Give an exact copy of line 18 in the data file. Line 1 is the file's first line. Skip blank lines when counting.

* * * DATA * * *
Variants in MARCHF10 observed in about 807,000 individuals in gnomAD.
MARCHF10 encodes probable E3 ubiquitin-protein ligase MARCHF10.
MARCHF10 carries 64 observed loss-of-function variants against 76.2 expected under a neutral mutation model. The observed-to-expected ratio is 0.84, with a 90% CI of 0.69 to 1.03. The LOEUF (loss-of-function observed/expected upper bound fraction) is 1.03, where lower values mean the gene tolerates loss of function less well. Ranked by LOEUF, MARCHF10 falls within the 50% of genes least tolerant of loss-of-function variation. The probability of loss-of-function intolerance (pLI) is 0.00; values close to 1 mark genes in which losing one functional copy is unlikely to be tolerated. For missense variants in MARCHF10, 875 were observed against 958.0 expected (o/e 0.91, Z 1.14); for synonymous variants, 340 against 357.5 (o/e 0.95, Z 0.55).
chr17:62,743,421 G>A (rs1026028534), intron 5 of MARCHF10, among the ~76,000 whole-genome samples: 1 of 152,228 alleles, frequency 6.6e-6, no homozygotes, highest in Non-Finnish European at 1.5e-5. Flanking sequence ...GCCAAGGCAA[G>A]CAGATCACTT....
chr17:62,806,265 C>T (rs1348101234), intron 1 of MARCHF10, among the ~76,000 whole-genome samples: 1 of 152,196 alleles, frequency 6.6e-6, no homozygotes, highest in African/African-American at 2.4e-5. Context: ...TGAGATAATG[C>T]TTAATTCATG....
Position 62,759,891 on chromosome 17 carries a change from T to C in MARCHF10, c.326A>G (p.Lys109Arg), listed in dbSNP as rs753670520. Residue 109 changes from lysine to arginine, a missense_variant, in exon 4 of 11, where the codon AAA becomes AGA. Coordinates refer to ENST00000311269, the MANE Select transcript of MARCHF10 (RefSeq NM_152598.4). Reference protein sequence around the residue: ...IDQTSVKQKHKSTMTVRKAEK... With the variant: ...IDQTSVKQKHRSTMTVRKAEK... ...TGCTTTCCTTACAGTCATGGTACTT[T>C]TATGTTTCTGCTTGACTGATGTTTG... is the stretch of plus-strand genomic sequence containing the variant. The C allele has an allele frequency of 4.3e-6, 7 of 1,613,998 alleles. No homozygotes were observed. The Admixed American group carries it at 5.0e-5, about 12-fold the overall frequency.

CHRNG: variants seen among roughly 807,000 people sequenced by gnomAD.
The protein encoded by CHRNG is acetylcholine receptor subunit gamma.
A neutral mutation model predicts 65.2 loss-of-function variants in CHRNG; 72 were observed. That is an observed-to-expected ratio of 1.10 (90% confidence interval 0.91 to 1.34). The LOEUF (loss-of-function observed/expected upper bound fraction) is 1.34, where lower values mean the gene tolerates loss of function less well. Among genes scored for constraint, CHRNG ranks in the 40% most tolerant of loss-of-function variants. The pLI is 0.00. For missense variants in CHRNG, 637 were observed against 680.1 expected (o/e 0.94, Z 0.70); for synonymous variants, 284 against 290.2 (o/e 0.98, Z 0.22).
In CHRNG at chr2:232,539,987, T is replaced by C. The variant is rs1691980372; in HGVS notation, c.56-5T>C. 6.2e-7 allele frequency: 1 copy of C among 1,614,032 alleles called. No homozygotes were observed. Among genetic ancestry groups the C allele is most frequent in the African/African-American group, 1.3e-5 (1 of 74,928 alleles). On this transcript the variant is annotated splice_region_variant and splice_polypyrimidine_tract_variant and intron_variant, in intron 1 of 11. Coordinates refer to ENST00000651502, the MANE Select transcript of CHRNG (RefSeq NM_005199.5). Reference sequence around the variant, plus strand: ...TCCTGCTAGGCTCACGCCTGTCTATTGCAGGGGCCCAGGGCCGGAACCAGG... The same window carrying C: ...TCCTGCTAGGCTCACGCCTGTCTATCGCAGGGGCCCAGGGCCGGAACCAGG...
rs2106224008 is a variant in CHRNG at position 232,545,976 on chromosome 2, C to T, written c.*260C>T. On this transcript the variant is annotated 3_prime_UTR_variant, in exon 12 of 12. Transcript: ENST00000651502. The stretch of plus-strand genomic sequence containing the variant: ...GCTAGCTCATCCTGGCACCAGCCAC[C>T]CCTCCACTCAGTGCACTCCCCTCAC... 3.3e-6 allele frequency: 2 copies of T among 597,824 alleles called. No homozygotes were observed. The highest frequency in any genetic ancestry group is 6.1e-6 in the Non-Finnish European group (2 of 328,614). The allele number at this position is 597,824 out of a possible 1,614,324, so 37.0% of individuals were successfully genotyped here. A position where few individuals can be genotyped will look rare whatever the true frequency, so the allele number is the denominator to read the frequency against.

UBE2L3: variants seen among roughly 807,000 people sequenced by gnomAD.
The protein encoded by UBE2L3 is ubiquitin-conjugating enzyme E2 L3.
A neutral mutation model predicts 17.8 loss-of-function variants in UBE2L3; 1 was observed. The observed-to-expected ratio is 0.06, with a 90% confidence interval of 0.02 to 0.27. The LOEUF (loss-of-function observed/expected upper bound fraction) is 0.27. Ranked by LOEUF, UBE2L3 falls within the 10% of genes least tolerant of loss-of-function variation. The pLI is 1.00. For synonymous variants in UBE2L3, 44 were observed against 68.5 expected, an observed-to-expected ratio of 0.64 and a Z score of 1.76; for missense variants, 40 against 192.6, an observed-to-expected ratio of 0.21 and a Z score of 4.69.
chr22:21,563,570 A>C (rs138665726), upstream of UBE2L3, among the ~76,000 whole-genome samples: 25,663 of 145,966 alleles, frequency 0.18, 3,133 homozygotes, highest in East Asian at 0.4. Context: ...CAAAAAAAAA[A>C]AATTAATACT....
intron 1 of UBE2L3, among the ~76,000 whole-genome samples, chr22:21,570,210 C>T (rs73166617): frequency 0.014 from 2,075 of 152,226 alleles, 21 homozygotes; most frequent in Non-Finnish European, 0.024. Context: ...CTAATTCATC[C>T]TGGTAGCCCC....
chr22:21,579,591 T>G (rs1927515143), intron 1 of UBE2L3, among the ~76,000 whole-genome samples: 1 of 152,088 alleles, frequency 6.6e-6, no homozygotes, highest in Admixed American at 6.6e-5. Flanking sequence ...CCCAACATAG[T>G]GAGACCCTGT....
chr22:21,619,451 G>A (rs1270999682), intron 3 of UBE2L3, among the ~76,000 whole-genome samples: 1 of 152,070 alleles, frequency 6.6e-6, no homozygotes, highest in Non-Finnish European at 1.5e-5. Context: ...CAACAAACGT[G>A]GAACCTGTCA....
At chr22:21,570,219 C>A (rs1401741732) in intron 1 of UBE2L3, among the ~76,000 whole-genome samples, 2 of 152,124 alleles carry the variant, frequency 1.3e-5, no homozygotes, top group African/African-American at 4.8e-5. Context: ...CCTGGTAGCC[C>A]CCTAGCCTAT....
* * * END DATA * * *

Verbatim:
chr22:21,619,451 G>A (rs1270999682), intron 3 of UBE2L3, among the ~76,000 whole-genome samples: 1 of 152,070 alleles, frequency 6.6e-6, no homozygotes, highest in Non-Finnish European at 1.5e-5. Context: ...CAACAAACGT[G>A]GAACCTGTCA....